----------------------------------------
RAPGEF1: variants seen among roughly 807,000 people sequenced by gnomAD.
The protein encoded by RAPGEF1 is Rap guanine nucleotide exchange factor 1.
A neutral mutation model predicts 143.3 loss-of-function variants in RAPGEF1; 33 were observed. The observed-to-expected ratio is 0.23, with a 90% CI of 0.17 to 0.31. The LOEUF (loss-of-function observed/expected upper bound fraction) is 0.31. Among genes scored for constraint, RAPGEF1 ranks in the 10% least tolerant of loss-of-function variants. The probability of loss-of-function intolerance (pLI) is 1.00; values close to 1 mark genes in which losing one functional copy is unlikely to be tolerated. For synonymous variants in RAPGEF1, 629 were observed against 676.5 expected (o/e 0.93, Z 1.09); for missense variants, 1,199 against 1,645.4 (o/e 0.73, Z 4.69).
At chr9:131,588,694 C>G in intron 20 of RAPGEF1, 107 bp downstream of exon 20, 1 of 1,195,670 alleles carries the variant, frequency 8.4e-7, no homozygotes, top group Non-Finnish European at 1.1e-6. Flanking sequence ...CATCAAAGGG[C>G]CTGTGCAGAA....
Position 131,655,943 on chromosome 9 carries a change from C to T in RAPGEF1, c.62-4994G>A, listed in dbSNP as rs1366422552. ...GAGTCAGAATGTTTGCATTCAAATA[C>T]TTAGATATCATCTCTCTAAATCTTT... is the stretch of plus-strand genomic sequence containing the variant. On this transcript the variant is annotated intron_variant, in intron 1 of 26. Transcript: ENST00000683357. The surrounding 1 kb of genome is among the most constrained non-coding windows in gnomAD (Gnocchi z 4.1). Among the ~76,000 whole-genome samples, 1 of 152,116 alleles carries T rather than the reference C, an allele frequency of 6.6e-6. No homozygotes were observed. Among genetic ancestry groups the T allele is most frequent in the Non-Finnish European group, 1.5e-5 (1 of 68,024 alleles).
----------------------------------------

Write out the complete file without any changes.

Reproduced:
RAPGEF1: variants seen among roughly 807,000 people sequenced by gnomAD.
The protein encoded by RAPGEF1 is Rap guanine nucleotide exchange factor 1.
A neutral mutation model predicts 143.3 loss-of-function variants in RAPGEF1; 33 were observed. The observed-to-expected ratio is 0.23, with a 90% CI of 0.17 to 0.31. The LOEUF (loss-of-function observed/expected upper bound fraction) is 0.31. Among genes scored for constraint, RAPGEF1 ranks in the 10% least tolerant of loss-of-function variants. The probability of loss-of-function intolerance (pLI) is 1.00; values close to 1 mark genes in which losing one functional copy is unlikely to be tolerated. For synonymous variants in RAPGEF1, 629 were observed against 676.5 expected (o/e 0.93, Z 1.09); for missense variants, 1,199 against 1,645.4 (o/e 0.73, Z 4.69).
At chr9:131,588,694 C>G in intron 20 of RAPGEF1, 107 bp downstream of exon 20, 1 of 1,195,670 alleles carries the variant, frequency 8.4e-7, no homozygotes, top group Non-Finnish European at 1.1e-6. Flanking sequence ...CATCAAAGGG[C>G]CTGTGCAGAA....
Position 131,655,943 on chromosome 9 carries a change from C to T in RAPGEF1, c.62-4994G>A, listed in dbSNP as rs1366422552. ...GAGTCAGAATGTTTGCATTCAAATA[C>T]TTAGATATCATCTCTCTAAATCTTT... is the stretch of plus-strand genomic sequence containing the variant. On this transcript the variant is annotated intron_variant, in intron 1 of 26. Transcript: ENST00000683357. The surrounding 1 kb of genome is among the most constrained non-coding windows in gnomAD (Gnocchi z 4.1). Among the ~76,000 whole-genome samples, 1 of 152,116 alleles carries T rather than the reference C, an allele frequency of 6.6e-6. No homozygotes were observed. Among genetic ancestry groups the T allele is most frequent in the Non-Finnish European group, 1.5e-5 (1 of 68,024 alleles).